Integrated Bottle Filters come with an integrated filter straw, which can be a good option for hiking near a water source. You just fill up the bottle, screw on the lid, and then drink through the lid or squeeze the bottle into your mouth. It’s a little slow going, but convenient on a hike.

Recommendation: My main water filter I use for backpacking and canyoneering is the Sawyer Squeeze (view price on AmazonOpens in a new tab.). I like being able to scoop up a bagful of water and then squeeze it into another container somewhere more comfortable than with a pump where you have to crouch down to keep one end in the stream while pumping.

I do use a LifestrawOpens in a new tab. occasionally as well when I won’t need to share water with anyone else and know there’s lots of water around, like when I’m canyoneering in a class C canyon.

Travel Berkey Water Purification System I use in my Pop-up Camper

2. Gravity Water Filter

If you’re going car camping, a gravity water filter is probably the best bet. You can clean a lot of water at once, and it doesn’t expend any effort pumping or squeezing water through the filter! These systems are usually quite a bit bigger than pumps, so you wouldn’t want to take them backpacking.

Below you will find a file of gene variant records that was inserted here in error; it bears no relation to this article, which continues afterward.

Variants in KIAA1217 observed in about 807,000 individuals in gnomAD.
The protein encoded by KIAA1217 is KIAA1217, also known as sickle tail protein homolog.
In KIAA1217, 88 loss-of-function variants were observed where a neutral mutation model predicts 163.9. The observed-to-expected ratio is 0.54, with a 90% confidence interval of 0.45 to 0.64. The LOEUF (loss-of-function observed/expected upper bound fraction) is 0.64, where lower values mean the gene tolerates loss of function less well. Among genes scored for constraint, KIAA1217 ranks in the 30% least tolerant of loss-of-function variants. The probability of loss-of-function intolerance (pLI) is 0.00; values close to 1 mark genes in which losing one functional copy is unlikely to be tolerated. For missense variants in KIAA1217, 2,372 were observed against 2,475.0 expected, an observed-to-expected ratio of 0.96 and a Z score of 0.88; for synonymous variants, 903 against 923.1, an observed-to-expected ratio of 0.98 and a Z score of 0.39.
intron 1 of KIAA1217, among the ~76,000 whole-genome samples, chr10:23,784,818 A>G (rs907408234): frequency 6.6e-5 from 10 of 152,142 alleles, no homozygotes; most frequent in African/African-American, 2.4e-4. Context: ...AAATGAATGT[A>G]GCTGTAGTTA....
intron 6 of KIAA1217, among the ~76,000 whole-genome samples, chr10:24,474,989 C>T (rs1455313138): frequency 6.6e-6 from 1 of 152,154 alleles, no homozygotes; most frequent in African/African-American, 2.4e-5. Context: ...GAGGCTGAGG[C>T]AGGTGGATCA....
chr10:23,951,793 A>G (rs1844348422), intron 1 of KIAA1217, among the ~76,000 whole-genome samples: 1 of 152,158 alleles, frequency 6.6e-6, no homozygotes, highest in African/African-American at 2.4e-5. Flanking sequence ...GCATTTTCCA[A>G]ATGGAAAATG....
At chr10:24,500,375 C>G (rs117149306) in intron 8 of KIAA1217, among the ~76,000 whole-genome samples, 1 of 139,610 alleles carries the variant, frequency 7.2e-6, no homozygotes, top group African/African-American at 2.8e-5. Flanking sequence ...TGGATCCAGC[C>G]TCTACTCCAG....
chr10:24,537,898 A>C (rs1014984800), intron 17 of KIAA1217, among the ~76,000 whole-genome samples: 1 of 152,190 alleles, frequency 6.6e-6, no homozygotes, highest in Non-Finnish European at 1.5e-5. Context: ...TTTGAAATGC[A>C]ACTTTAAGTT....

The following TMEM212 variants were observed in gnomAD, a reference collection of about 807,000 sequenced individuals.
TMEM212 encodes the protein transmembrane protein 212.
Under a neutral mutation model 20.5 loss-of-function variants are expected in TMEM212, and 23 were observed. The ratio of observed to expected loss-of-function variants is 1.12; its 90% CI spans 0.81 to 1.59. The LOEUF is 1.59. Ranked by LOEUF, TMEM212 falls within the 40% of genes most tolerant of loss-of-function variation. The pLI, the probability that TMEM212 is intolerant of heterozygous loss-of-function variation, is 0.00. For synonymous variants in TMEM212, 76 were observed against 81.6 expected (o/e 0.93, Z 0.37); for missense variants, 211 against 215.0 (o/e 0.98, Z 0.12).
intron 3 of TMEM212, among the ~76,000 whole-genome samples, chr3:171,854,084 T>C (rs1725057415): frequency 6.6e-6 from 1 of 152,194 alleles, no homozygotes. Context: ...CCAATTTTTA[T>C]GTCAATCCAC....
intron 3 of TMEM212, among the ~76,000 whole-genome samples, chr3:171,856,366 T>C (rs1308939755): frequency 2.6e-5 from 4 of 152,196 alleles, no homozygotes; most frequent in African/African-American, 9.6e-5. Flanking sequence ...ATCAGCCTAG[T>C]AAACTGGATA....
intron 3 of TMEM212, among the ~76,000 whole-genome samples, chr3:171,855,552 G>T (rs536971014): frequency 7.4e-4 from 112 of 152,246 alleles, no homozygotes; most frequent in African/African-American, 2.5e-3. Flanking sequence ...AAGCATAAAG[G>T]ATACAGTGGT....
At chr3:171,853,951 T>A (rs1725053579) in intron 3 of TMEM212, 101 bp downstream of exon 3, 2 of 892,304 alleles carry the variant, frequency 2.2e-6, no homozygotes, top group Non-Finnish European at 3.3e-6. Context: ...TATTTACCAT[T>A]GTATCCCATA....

The setup is as tedious as a water pump, but they are really easy to use once they’re set up. If you’re setting up a base camp or are staying somewhere for a while, this is the way to go. Gravity water filters are also one of the best options for camping in a camper or RV since you can mostly just leave the whole thing assembled.

There are two main setups for gravity water filters- a free standing style that sits on a table, or a bag-style that you can hang from a tree or whatever. The bag-style is obviously much lighter, but the downside is that you need somewhere to hang it. Bag setups also don’t usually have a way to store the clean water, so you can only fill up on-demand at the rate it filters.